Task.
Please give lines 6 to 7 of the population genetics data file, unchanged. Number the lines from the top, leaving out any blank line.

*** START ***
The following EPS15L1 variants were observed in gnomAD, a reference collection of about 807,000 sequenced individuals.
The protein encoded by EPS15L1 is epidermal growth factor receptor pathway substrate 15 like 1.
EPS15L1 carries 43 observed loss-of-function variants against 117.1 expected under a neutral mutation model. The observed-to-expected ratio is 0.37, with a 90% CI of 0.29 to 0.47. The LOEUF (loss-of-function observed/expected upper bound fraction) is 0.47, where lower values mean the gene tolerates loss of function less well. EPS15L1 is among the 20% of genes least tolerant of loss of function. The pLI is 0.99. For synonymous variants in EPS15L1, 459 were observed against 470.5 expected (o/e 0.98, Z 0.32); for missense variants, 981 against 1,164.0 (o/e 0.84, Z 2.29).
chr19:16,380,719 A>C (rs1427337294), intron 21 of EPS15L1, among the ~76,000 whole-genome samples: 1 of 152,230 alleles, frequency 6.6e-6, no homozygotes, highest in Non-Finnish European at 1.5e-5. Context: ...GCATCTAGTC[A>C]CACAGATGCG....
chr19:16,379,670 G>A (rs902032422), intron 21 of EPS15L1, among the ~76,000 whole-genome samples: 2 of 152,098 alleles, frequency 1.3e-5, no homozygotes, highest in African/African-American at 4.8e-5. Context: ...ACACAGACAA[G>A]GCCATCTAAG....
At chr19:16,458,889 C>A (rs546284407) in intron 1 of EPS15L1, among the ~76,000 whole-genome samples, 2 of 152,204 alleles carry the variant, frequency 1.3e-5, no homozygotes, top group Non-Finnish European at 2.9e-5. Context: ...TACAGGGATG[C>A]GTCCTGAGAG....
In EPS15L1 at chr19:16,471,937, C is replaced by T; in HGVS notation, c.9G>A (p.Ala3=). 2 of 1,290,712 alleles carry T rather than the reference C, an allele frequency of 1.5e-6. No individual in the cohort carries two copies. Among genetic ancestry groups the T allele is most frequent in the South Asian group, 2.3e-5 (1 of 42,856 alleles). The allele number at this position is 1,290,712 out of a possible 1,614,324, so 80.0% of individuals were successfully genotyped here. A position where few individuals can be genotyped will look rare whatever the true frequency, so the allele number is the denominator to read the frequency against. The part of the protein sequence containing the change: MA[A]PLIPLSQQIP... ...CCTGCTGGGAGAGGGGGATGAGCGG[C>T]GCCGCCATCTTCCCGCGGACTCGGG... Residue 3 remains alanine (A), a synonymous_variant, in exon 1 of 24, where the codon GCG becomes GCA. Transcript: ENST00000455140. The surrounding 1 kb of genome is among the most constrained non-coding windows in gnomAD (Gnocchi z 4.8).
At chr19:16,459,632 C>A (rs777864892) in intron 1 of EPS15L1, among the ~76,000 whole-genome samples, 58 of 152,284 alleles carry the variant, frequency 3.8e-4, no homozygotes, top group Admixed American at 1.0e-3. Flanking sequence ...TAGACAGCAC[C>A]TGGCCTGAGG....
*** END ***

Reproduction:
At chr19:16,458,889 C>A (rs546284407) in intron 1 of EPS15L1, among the ~76,000 whole-genome samples, 2 of 152,204 alleles carry the variant, frequency 1.3e-5, no homozygotes, top group Non-Finnish European at 2.9e-5. Context: ...TACAGGGATG[C>A]GTCCTGAGAG....
In EPS15L1 at chr19:16,471,937, C is replaced by T; in HGVS notation, c.9G>A (p.Ala3=). 2 of 1,290,712 alleles carry T rather than the reference C, an allele frequency of 1.5e-6. No individual in the cohort carries two copies. Among genetic ancestry groups the T allele is most frequent in the South Asian group, 2.3e-5 (1 of 42,856 alleles). The allele number at this position is 1,290,712 out of a possible 1,614,324, so 80.0% of individuals were successfully genotyped here. A position where few individuals can be genotyped will look rare whatever the true frequency, so the allele number is the denominator to read the frequency against. The part of the protein sequence containing the change: MA[A]PLIPLSQQIP... ...CCTGCTGGGAGAGGGGGATGAGCGG[C>T]GCCGCCATCTTCCCGCGGACTCGGG... Residue 3 remains alanine (A), a synonymous_variant, in exon 1 of 24, where the codon GCG becomes GCA. Transcript: ENST00000455140. The surrounding 1 kb of genome is among the most constrained non-coding windows in gnomAD (Gnocchi z 4.8).